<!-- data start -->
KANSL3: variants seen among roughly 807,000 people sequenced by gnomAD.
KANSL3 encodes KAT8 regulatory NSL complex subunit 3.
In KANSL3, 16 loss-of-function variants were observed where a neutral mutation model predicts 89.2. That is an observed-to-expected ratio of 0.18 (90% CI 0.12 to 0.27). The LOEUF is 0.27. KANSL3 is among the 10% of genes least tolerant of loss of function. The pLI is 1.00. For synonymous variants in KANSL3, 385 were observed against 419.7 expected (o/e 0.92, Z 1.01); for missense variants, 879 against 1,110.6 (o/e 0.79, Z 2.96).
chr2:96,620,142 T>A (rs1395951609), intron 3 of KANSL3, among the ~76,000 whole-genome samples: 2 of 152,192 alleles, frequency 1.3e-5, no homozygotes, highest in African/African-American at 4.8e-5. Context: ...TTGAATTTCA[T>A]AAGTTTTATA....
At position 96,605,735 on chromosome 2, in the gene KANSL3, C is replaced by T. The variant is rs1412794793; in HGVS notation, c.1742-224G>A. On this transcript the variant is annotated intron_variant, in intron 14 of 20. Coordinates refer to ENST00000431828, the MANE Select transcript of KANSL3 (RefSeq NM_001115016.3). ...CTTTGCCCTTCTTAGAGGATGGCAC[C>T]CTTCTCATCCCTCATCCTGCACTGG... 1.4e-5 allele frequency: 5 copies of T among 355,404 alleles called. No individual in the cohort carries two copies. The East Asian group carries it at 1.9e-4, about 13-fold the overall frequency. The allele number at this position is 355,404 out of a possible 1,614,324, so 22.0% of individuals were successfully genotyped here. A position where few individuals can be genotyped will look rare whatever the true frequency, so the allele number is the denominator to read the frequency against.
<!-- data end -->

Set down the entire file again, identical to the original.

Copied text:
KANSL3: variants seen among roughly 807,000 people sequenced by gnomAD.
KANSL3 encodes KAT8 regulatory NSL complex subunit 3.
In KANSL3, 16 loss-of-function variants were observed where a neutral mutation model predicts 89.2. That is an observed-to-expected ratio of 0.18 (90% CI 0.12 to 0.27). The LOEUF is 0.27. KANSL3 is among the 10% of genes least tolerant of loss of function. The pLI is 1.00. For synonymous variants in KANSL3, 385 were observed against 419.7 expected (o/e 0.92, Z 1.01); for missense variants, 879 against 1,110.6 (o/e 0.79, Z 2.96).
chr2:96,620,142 T>A (rs1395951609), intron 3 of KANSL3, among the ~76,000 whole-genome samples: 2 of 152,192 alleles, frequency 1.3e-5, no homozygotes, highest in African/African-American at 4.8e-5. Context: ...TTGAATTTCA[T>A]AAGTTTTATA....
At position 96,605,735 on chromosome 2, in the gene KANSL3, C is replaced by T. The variant is rs1412794793; in HGVS notation, c.1742-224G>A. On this transcript the variant is annotated intron_variant, in intron 14 of 20. Coordinates refer to ENST00000431828, the MANE Select transcript of KANSL3 (RefSeq NM_001115016.3). ...CTTTGCCCTTCTTAGAGGATGGCAC[C>T]CTTCTCATCCCTCATCCTGCACTGG... 1.4e-5 allele frequency: 5 copies of T among 355,404 alleles called. No individual in the cohort carries two copies. The East Asian group carries it at 1.9e-4, about 13-fold the overall frequency. The allele number at this position is 355,404 out of a possible 1,614,324, so 22.0% of individuals were successfully genotyped here. A position where few individuals can be genotyped will look rare whatever the true frequency, so the allele number is the denominator to read the frequency against.